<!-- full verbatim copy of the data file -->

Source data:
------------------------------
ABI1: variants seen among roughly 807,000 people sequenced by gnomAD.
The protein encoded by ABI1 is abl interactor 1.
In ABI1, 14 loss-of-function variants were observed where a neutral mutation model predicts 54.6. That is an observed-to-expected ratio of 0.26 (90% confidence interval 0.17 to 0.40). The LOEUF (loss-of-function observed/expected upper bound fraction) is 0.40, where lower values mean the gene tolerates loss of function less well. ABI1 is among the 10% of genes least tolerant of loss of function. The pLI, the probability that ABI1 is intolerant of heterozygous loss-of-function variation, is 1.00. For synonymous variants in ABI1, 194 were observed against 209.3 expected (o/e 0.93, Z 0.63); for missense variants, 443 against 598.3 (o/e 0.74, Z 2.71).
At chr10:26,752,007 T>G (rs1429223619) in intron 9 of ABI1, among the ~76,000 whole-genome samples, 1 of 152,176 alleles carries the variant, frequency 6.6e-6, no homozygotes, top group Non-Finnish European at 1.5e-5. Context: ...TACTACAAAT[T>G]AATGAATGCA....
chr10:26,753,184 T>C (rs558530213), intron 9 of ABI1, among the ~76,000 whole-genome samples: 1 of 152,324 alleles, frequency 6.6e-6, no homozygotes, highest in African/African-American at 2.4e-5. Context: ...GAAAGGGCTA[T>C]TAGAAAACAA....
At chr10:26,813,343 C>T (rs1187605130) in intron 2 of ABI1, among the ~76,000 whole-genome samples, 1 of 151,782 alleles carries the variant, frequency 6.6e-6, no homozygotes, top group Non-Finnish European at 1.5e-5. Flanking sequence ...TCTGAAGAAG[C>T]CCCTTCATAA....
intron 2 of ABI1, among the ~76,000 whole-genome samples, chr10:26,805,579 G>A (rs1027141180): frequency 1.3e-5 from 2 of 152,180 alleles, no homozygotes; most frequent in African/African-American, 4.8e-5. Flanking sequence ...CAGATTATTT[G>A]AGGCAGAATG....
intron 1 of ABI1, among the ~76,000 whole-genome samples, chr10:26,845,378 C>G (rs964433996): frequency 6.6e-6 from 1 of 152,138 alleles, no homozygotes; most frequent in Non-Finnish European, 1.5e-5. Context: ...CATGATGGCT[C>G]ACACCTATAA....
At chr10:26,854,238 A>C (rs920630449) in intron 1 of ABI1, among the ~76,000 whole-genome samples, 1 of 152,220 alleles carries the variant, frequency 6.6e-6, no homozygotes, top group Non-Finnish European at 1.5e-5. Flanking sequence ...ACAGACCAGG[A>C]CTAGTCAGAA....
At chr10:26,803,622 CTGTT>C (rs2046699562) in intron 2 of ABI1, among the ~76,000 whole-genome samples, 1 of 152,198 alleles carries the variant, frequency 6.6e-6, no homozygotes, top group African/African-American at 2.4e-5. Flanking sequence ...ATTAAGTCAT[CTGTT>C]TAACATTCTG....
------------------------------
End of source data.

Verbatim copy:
ABI1: variants seen among roughly 807,000 people sequenced by gnomAD.
The protein encoded by ABI1 is abl interactor 1.
In ABI1, 14 loss-of-function variants were observed where a neutral mutation model predicts 54.6. That is an observed-to-expected ratio of 0.26 (90% confidence interval 0.17 to 0.40). The LOEUF (loss-of-function observed/expected upper bound fraction) is 0.40, where lower values mean the gene tolerates loss of function less well. ABI1 is among the 10% of genes least tolerant of loss of function. The pLI, the probability that ABI1 is intolerant of heterozygous loss-of-function variation, is 1.00. For synonymous variants in ABI1, 194 were observed against 209.3 expected (o/e 0.93, Z 0.63); for missense variants, 443 against 598.3 (o/e 0.74, Z 2.71).
At chr10:26,752,007 T>G (rs1429223619) in intron 9 of ABI1, among the ~76,000 whole-genome samples, 1 of 152,176 alleles carries the variant, frequency 6.6e-6, no homozygotes, top group Non-Finnish European at 1.5e-5. Context: ...TACTACAAAT[T>G]AATGAATGCA....
chr10:26,753,184 T>C (rs558530213), intron 9 of ABI1, among the ~76,000 whole-genome samples: 1 of 152,324 alleles, frequency 6.6e-6, no homozygotes, highest in African/African-American at 2.4e-5. Context: ...GAAAGGGCTA[T>C]TAGAAAACAA....
At chr10:26,813,343 C>T (rs1187605130) in intron 2 of ABI1, among the ~76,000 whole-genome samples, 1 of 151,782 alleles carries the variant, frequency 6.6e-6, no homozygotes, top group Non-Finnish European at 1.5e-5. Flanking sequence ...TCTGAAGAAG[C>T]CCCTTCATAA....
intron 2 of ABI1, among the ~76,000 whole-genome samples, chr10:26,805,579 G>A (rs1027141180): frequency 1.3e-5 from 2 of 152,180 alleles, no homozygotes; most frequent in African/African-American, 4.8e-5. Flanking sequence ...CAGATTATTT[G>A]AGGCAGAATG....
intron 1 of ABI1, among the ~76,000 whole-genome samples, chr10:26,845,378 C>G (rs964433996): frequency 6.6e-6 from 1 of 152,138 alleles, no homozygotes; most frequent in Non-Finnish European, 1.5e-5. Context: ...CATGATGGCT[C>G]ACACCTATAA....
At chr10:26,854,238 A>C (rs920630449) in intron 1 of ABI1, among the ~76,000 whole-genome samples, 1 of 152,220 alleles carries the variant, frequency 6.6e-6, no homozygotes, top group Non-Finnish European at 1.5e-5. Flanking sequence ...ACAGACCAGG[A>C]CTAGTCAGAA....
At chr10:26,803,622 CTGTT>C (rs2046699562) in intron 2 of ABI1, among the ~76,000 whole-genome samples, 1 of 152,198 alleles carries the variant, frequency 6.6e-6, no homozygotes, top group African/African-American at 2.4e-5. Flanking sequence ...ATTAAGTCAT[CTGTT>C]TAACATTCTG....